Zebulon Vance

Photo of Senator Zebulon Baird Vance
Senator Zebulon Vance

Library of Congress

Quick Facts

Governor, Senator, Representative
Place Of Birth:
Weaverville, NC
Date Of Birth:
June 13, 1830
Place Of Death:
Washington, DC
Date Of Death:
April 14, 1894
Place Of Burial:
Asheville, NC
Cemetery Name:
Riverside Cemetery

A career politician from North Carolina, Zebulon Baird Vance served in the U.S. House of Representatives from 1858 until March 1861. While in Congress he resisted the prevailing secessionist sentiment common among his fellow Southerners, believing such sentiments to be dangerous and unwise. Vance changed his mind after the firing on Ft. Sumter and President Lincoln's call for troops. He now urged North Carolina to secede. Refusing to run for a seat in the Confederate Congress, Vance chose to join the fight and raised a company of volunteers, The Rough and Ready Guards, serving as its captain. Vance was then elected Colonel of the 26th North Carolina Infantry, which he led until leaving to run for governor in September 1862.

As governor of North Carolina, Vance criticized the centralization of the Confederate government, especially its policies on conscription, suspension of habeas corpus, desertions and impressment of material. Vance became his state's most vociferous advocate, allocating funds for blockade running to provide much-needed supplies to both soldiers and civilians. During his second term as governor, Vance was powerless to halt the advance of Sherman's army through North Carolina. With North Carolina's population destitute and its cities in ruin, Vance was arrested by Federal troops on May 13, 1865 and imprisoned briefly in Washington, D.C.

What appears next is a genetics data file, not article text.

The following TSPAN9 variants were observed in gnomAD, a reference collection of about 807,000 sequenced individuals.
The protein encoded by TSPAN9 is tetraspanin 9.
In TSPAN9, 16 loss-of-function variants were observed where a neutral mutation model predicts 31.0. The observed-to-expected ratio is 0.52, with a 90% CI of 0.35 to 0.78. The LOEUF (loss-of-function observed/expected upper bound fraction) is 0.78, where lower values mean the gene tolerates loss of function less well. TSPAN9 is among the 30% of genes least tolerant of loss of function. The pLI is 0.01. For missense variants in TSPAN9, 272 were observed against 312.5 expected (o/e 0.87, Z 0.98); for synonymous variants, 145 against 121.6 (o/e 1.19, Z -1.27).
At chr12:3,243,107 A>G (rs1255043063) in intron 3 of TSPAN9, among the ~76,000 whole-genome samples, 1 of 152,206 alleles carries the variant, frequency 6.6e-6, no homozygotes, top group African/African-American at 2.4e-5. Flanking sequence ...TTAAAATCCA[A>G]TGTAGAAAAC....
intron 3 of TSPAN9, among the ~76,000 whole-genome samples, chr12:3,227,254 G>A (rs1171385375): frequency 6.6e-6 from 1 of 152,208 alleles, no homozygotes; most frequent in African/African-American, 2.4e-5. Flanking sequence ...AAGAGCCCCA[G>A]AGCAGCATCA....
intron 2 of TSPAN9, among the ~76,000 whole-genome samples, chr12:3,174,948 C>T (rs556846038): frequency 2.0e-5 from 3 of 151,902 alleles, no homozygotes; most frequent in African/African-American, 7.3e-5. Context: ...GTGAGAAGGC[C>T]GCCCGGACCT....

Following his parole, Vance returned to North Carolina and moved his law practice to Charlotte. The state legislature elected him to a U.S. Senate seat in 1870, but was barred from taking office by the 14th Amendment. Vance was elected once again as governor in 1876, serving two years before being elected once more to the U.S. Senate in 1879. Vance served in the Senate until his death in 1894.

Last updated: June 17, 2015